By Arpan Basu
The communications industry is an apt reflection of our time: fast-paced and in need of constant evolution. Especially during crises, well-devised communications can become the quickest tool in ensuring business continuity and responding to unprecedented situations.
When the pandemic struck, a one-of-a-kind black swan event that few communication professionals had seen before in their careers – it proved difficult to determine how to reach out to stakeholders. With business goals compromised, cultural shifts inevitable and expectations from brands rapidly changing – most organizations around the world hadn’t factored in the possibility of something this unthinkable: and reeled in shock for weeks before formulating an appropriate communications strategy. With businesses of all sizes affected, communication leaders were faced with an anxious audience that required messages that showed depth of emotion, while still being disruptive.
Being privy to the many hair-bending twists and turns of a crisis and having been a communications professional now for many years, there are still a few general principles that come handy while building a response. One of the foremost principles is communicating clearly and promptly – through the right channels, to the right audience with the right message. Every crisis causes an information vacuum – hence, if one doesn’t act fast, rumours and criticism can aid in blowing the situation up further. For many, this was not an option as the COVID-19 pandemic struck business operations hard, hence communication leaders had to unlearn their swift first-response tactics and keep their ears to the ground. When the time was right, brands built their messages on compassion, addressing feelings and not just facts. Approaching the situation with honesty and empathy was one of the key ways in driving successful communication during this time – showing that you care, was the only story to tell.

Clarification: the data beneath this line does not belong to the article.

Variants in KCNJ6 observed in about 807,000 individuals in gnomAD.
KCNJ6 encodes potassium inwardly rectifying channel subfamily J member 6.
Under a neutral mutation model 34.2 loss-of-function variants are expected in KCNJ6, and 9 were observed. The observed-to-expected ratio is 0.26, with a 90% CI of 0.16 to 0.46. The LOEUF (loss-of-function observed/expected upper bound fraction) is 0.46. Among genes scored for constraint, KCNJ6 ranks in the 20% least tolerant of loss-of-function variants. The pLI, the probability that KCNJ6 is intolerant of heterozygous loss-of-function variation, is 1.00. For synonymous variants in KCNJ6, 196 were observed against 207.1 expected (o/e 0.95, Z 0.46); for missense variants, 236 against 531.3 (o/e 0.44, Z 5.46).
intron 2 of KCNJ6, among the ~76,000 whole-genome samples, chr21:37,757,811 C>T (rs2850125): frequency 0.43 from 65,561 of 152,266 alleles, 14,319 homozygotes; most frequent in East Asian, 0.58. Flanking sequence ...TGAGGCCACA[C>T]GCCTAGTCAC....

This brings me to my first lesson learnt during the pandemic: the need for bringing empathy, urgency and transparency into messaging.
It’s easier to trust in a company or a brand that has always been honest and worked to engage with their audiences instead of one trying to build a positive image when a crisis strikes. Thus, a communication professional’s work in building a transparent, approachable corporate brand should be a continuous, ongoing process – one that shows genuine care and concern for consumers and their communities.
Firstly, understanding the emotions of the audience is an important skill of a communicator and is tested during times of a crisis. Like Simon Baron-Cohen said and I would implore my fellow communication professionals to remember, ‘Empathy is like a universal solvent. Any problem immersed in empathy becomes soluble.’ Secondly, it’s important to deliver an empathetic message in a timely manner to mitigate business or stakeholder harm. In one’s urgency, it becomes even more vital to check for any leaks in company information or inappropriate content that might be offensive. And lastly, transparency is key to building trust in anything – communications being no different.
The second lesson learnt by businesses and practices across industries that also resonated with the Communications industry was – communicating with employees truthfully and conveying hope for the future.
It’s undoubtedly difficult to talk to one’s team when the future is uncertain. Even when there are limited answers, I believe that one of the biggest priority areas is communicating clearly with employees to ensure their professional and personal safety and general wellbeing. The best organizations and professionals in the world put the security of their people first. Most organizations should have a well-formed internal communications channel, which encourages open dialogue and feedback – a platform that allows for sharing of positive information about the health of an organization, as well as the more bitter pills to swallow.
This where I believe the expert communication skills of leaders holds steadfast. Strong leaders, at the forefront of the organization should also directly speak to their employees – to provide assurance and mitigate false hope. Hearing from one’s leader often, helps ebb anxiety during a crisis.